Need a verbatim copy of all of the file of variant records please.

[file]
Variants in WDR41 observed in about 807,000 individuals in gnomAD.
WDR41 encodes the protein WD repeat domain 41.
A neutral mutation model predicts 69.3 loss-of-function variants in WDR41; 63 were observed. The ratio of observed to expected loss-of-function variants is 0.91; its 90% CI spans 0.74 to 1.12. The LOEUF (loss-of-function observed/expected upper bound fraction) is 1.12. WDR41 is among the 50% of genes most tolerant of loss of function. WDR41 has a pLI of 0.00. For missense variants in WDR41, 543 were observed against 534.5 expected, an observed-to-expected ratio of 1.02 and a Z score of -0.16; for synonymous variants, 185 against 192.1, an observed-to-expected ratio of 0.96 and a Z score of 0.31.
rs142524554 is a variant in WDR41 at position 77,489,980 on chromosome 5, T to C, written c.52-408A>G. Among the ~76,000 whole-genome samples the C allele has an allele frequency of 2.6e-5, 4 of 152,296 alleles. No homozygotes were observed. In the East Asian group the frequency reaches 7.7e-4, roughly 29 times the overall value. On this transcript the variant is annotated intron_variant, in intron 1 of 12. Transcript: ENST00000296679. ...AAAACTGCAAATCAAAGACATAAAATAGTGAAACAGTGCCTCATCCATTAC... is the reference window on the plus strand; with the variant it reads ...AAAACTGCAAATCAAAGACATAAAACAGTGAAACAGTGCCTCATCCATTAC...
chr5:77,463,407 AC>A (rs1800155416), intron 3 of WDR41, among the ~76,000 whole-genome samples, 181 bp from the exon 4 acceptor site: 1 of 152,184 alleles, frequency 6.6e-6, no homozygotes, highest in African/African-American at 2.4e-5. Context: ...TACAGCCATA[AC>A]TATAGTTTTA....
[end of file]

Variants in WDR41 observed in about 807,000 individuals in gnomAD.
WDR41 encodes the protein WD repeat domain 41.
A neutral mutation model predicts 69.3 loss-of-function variants in WDR41; 63 were observed. The ratio of observed to expected loss-of-function variants is 0.91; its 90% CI spans 0.74 to 1.12. The LOEUF (loss-of-function observed/expected upper bound fraction) is 1.12. WDR41 is among the 50% of genes most tolerant of loss of function. WDR41 has a pLI of 0.00. For missense variants in WDR41, 543 were observed against 534.5 expected, an observed-to-expected ratio of 1.02 and a Z score of -0.16; for synonymous variants, 185 against 192.1, an observed-to-expected ratio of 0.96 and a Z score of 0.31.
rs142524554 is a variant in WDR41 at position 77,489,980 on chromosome 5, T to C, written c.52-408A>G. Among the ~76,000 whole-genome samples the C allele has an allele frequency of 2.6e-5, 4 of 152,296 alleles. No homozygotes were observed. In the East Asian group the frequency reaches 7.7e-4, roughly 29 times the overall value. On this transcript the variant is annotated intron_variant, in intron 1 of 12. Transcript: ENST00000296679. ...AAAACTGCAAATCAAAGACATAAAATAGTGAAACAGTGCCTCATCCATTAC... is the reference window on the plus strand; with the variant it reads ...AAAACTGCAAATCAAAGACATAAAACAGTGAAACAGTGCCTCATCCATTAC...
chr5:77,463,407 AC>A (rs1800155416), intron 3 of WDR41, among the ~76,000 whole-genome samples, 181 bp from the exon 4 acceptor site: 1 of 152,184 alleles, frequency 6.6e-6, no homozygotes, highest in African/African-American at 2.4e-5. Context: ...TACAGCCATA[AC>A]TATAGTTTTA....